After losing his bride in a Luftwaffe air raid, bomber pilot Forrester becomes a solitary killing machine, who doesn't care whether he dies. The reckless Canadian pilot is both admired and ... See full summary »
1933: An ocean liner belonging to a second-rate German company is making a twenty-six day voyage from Veracruz, Mexico to Bremerhaven, Germany. Along the way it will stop in Cuba to pick up... See full summary »
Father Rivard is a priest in a small, economically depressed coal mining town. Working on what he thinks is a "controversial" work, he lives with the brutal lives of his poor parishioners, ... See full summary »
Dick Van Dyke,
R.P.M. stands for (political) revolutions per minute. Anthony Quinn plays a liberal college professor at a west coast college during the hedy days of campus activism in the late 1960s. ... See full summary »
Grim story of one of the major battles of the Korean War. While negotiators are at work in Panmunjom trying to bring the conflict to a negotiated end, Lt. Joe Clemons is ordered to launch ... See full summary »
In 1964, atomic war wipes out humanity in the northern hemisphere; one American submarine finds temporary safe haven in Australia, where life-as-usual covers growing despair. In denial about the loss of his wife and children in the holocaust, American Captain Towers meets careworn but gorgeous Moira Davidson, who begins to fall for him. The sub returns after reconnaissance a month (or less) before the end; will Towers and Moira find comfort with each other? Written by
Rod Crawford <firstname.lastname@example.org>
According to Philip R. Davey, author of the book "When Hollywood Came to Melbourne: The Story of the Making of Stanley Kramer's 'On The Beach'", director Stanley Kramer experienced many problems with the thousands of bathers who stood in shoulder-deep water to watch the proceedings, and who applauded the cast after each take. Their enthusiasm was gratifying in this respect if not in others, such as when thousands of people began crowding forward to get a closer look at Ava Gardner, they repeatedly moved into camera range, thus necessitating many frustrating retakes. See more »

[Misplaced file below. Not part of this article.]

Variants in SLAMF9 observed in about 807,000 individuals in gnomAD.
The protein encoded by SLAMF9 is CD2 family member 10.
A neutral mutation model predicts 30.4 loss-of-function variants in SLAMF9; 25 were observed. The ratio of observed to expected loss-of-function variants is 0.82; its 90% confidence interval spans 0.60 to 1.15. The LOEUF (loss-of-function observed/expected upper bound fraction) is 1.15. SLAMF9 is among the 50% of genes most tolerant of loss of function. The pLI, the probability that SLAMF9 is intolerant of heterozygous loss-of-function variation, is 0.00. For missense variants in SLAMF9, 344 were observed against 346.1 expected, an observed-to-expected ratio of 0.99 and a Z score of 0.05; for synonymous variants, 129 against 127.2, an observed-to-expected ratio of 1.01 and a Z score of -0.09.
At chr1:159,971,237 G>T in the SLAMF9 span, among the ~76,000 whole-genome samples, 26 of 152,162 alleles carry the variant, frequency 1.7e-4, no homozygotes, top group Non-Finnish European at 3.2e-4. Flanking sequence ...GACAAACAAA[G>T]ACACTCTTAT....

At the very beginning of the film, a radio announcer is heard reporting that no life survives anywhere but Australia. Later Admiral Bridie suggests that it might be possible for life to continue in Antarctica, indicating that that continent is also not yet affected by radiation. In any event, the basic premise - that Australia would still harbor life while every other site on the globe has been destroyed or rendered lifeless - including, among other places, New Zealand, farther south and much less of a target than Australia would be - is illogical and physically a virtual impossibility. (By contrast, in the novel the entire Southern Hemisphere is untouched by the atomic war itself, though the radioactivity gradually drifts southward.) See more »
I made the mistake of watching this film at 11 pm, in a theater with only 4 other people. We were scattered about...and alone. I have seldom wanted to be in a group as much as I did that night. I almost got up and went to sit in a row with one of the 4. Directing? Brilliant. Cinematography? Brilliant. The cast? Exceptional. Ava Gardner (still beautiful), Gregory Peck, Fred Astair and Anthony Perkins are inspired. I have always wanted to go to Australia. Many years later I got the chance. As the coast of Sydney came into view I started to cry...and didn't know why? Then I realized, I was 'hearing' Waltzing Matilda and remembering.
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